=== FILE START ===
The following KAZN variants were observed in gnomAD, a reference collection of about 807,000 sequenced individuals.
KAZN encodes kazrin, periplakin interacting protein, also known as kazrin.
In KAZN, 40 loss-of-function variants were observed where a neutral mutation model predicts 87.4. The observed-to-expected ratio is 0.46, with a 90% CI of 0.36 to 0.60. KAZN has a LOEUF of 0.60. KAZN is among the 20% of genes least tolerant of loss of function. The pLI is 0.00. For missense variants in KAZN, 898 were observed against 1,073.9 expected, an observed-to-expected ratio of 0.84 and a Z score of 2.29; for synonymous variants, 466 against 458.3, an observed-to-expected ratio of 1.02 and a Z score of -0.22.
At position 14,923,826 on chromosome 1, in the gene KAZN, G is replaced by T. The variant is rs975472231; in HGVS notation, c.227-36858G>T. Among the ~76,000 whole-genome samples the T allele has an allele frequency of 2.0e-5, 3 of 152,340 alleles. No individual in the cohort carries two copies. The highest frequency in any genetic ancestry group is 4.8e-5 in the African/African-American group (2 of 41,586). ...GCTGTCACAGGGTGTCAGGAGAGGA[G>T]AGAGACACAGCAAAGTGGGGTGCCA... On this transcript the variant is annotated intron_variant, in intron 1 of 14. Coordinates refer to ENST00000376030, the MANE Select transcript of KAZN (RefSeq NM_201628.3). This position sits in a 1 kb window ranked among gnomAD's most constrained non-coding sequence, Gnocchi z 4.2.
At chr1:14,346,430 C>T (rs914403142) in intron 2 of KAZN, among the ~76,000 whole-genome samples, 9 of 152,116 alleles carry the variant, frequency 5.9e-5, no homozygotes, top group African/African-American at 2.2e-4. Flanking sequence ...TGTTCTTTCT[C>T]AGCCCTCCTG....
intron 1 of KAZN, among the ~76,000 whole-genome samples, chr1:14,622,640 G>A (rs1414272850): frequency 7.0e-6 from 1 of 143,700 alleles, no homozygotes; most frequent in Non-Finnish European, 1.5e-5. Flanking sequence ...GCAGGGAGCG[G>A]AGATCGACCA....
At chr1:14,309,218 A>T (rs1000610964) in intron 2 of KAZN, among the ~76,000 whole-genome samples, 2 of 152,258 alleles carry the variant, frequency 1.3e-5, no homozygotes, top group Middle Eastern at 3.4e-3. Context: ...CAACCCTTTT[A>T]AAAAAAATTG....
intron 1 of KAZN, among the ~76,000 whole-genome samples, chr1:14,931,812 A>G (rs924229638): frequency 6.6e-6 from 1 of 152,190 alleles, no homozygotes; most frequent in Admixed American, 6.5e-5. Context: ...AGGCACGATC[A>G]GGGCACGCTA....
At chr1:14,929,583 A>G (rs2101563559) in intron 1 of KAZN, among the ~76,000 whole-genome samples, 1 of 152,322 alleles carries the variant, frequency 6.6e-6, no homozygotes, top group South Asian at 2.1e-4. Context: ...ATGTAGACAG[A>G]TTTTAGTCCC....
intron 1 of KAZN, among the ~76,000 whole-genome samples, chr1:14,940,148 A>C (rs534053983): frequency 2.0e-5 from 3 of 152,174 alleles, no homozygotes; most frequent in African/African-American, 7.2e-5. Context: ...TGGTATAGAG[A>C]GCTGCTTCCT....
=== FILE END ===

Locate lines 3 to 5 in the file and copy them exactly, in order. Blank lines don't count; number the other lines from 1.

In KAZN, 40 loss-of-function variants were observed where a neutral mutation model predicts 87.4. The observed-to-expected ratio is 0.46, with a 90% CI of 0.36 to 0.60. KAZN has a LOEUF of 0.60. KAZN is among the 20% of genes least tolerant of loss of function. The pLI is 0.00. For missense variants in KAZN, 898 were observed against 1,073.9 expected, an observed-to-expected ratio of 0.84 and a Z score of 2.29; for synonymous variants, 466 against 458.3, an observed-to-expected ratio of 1.02 and a Z score of -0.22.
At position 14,923,826 on chromosome 1, in the gene KAZN, G is replaced by T. The variant is rs975472231; in HGVS notation, c.227-36858G>T. Among the ~76,000 whole-genome samples the T allele has an allele frequency of 2.0e-5, 3 of 152,340 alleles. No individual in the cohort carries two copies. The highest frequency in any genetic ancestry group is 4.8e-5 in the African/African-American group (2 of 41,586). ...GCTGTCACAGGGTGTCAGGAGAGGA[G>T]AGAGACACAGCAAAGTGGGGTGCCA... On this transcript the variant is annotated intron_variant, in intron 1 of 14. Coordinates refer to ENST00000376030, the MANE Select transcript of KAZN (RefSeq NM_201628.3). This position sits in a 1 kb window ranked among gnomAD's most constrained non-coding sequence, Gnocchi z 4.2.
At chr1:14,346,430 C>T (rs914403142) in intron 2 of KAZN, among the ~76,000 whole-genome samples, 9 of 152,116 alleles carry the variant, frequency 5.9e-5, no homozygotes, top group African/African-American at 2.2e-4. Flanking sequence ...TGTTCTTTCT[C>T]AGCCCTCCTG....